The majority of residents in cities in the Russian Arctic are not indigenous to the area (approx 95%), mostly migrating from the south and west. They are not used to Arctic ecosystems and the Arctic climate with lower temperatures, permafrost, less rich soil and having to adapt to differing light with polar days and nights.… Read More Green canopies in the urban Russian Arctic
Scientists from Immanuel Kant Baltic Federal University, Kemerovo State University and Shirsov Institute of Oceanology at Russian Academy of Sciences analysed the algae biomass and what they might do with it. Increased concentration of algae is becoming more common on coastlines around the world. They release greenhouse gases , smell unpleasant and make beaches less… Read More Algae at the Baltic seaside
Up until now, multiple institutions across Russia monitor permafrost and focus on local results. Oil and gas industries do not share their permafrost results with each other. Human impact from energy industries has cumulatively increased permafrost temperature which further affects their infrastructure. The researchers recommend a new state monitoring system which can be linked to… Read More Building a national permafrost picture benefits everyone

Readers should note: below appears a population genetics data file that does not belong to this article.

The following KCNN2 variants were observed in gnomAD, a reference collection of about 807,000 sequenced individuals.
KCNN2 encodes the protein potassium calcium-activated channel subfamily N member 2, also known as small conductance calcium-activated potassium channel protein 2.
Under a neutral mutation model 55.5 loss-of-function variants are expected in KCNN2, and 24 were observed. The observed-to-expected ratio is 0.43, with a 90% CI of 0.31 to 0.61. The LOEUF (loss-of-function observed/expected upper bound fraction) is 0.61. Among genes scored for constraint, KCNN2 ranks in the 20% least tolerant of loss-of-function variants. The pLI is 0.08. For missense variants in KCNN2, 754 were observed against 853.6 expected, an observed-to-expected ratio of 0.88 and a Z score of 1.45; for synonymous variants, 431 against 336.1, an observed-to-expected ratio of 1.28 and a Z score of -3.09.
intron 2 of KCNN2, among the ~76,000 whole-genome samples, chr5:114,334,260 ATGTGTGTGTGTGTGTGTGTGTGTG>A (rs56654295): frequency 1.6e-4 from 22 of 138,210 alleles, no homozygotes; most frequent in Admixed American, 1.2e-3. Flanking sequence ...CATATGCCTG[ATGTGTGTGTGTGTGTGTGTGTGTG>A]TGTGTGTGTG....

The Arctic has been providing Russia with large amounts of oil and natural gas over the last century. The environmentally sensitive region will face many natural and social impacts if the hydrocarbon industry continues to work in this way, however, the state’s leadership would not like the business to stop. The recent study of Sidortsov… Read More It is all about the benefits: the Russian state discusses Arctic energy development.